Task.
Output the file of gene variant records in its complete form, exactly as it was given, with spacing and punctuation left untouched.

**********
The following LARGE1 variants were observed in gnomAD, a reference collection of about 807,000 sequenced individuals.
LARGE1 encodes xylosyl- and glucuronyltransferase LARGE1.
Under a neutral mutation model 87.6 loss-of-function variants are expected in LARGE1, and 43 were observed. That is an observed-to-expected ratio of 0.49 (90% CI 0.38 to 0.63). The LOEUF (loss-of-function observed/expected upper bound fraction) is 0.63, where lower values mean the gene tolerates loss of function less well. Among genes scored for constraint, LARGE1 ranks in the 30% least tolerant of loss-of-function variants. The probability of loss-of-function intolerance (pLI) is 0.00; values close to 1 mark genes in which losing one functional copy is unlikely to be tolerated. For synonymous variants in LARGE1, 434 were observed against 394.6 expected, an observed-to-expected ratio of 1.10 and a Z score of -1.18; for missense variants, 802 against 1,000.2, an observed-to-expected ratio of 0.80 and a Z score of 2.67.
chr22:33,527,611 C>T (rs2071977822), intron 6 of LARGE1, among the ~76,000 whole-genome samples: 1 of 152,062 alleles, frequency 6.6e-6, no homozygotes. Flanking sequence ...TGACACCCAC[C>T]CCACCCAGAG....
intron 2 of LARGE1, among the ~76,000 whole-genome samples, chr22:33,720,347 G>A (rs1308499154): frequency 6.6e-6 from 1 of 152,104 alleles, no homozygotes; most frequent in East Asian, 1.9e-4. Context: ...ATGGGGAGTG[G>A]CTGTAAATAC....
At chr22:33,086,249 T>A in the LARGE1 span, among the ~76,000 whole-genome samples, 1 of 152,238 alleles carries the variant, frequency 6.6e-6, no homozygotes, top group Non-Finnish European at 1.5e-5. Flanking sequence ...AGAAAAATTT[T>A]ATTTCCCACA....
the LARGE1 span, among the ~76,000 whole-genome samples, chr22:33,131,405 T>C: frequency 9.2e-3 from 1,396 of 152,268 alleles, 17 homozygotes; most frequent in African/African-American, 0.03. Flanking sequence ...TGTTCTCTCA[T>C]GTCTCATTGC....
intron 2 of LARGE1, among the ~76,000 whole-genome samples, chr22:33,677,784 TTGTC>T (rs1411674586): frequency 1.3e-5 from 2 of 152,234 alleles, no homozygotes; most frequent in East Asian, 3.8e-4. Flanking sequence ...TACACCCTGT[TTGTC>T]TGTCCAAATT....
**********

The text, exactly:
The following LARGE1 variants were observed in gnomAD, a reference collection of about 807,000 sequenced individuals.
LARGE1 encodes xylosyl- and glucuronyltransferase LARGE1.
Under a neutral mutation model 87.6 loss-of-function variants are expected in LARGE1, and 43 were observed. That is an observed-to-expected ratio of 0.49 (90% CI 0.38 to 0.63). The LOEUF (loss-of-function observed/expected upper bound fraction) is 0.63, where lower values mean the gene tolerates loss of function less well. Among genes scored for constraint, LARGE1 ranks in the 30% least tolerant of loss-of-function variants. The probability of loss-of-function intolerance (pLI) is 0.00; values close to 1 mark genes in which losing one functional copy is unlikely to be tolerated. For synonymous variants in LARGE1, 434 were observed against 394.6 expected, an observed-to-expected ratio of 1.10 and a Z score of -1.18; for missense variants, 802 against 1,000.2, an observed-to-expected ratio of 0.80 and a Z score of 2.67.
chr22:33,527,611 C>T (rs2071977822), intron 6 of LARGE1, among the ~76,000 whole-genome samples: 1 of 152,062 alleles, frequency 6.6e-6, no homozygotes. Flanking sequence ...TGACACCCAC[C>T]CCACCCAGAG....
intron 2 of LARGE1, among the ~76,000 whole-genome samples, chr22:33,720,347 G>A (rs1308499154): frequency 6.6e-6 from 1 of 152,104 alleles, no homozygotes; most frequent in East Asian, 1.9e-4. Context: ...ATGGGGAGTG[G>A]CTGTAAATAC....
At chr22:33,086,249 T>A in the LARGE1 span, among the ~76,000 whole-genome samples, 1 of 152,238 alleles carries the variant, frequency 6.6e-6, no homozygotes, top group Non-Finnish European at 1.5e-5. Flanking sequence ...AGAAAAATTT[T>A]ATTTCCCACA....
the LARGE1 span, among the ~76,000 whole-genome samples, chr22:33,131,405 T>C: frequency 9.2e-3 from 1,396 of 152,268 alleles, 17 homozygotes; most frequent in African/African-American, 0.03. Flanking sequence ...TGTTCTCTCA[T>C]GTCTCATTGC....
intron 2 of LARGE1, among the ~76,000 whole-genome samples, chr22:33,677,784 TTGTC>T (rs1411674586): frequency 1.3e-5 from 2 of 152,234 alleles, no homozygotes; most frequent in East Asian, 3.8e-4. Flanking sequence ...TACACCCTGT[TTGTC>T]TGTCCAAATT....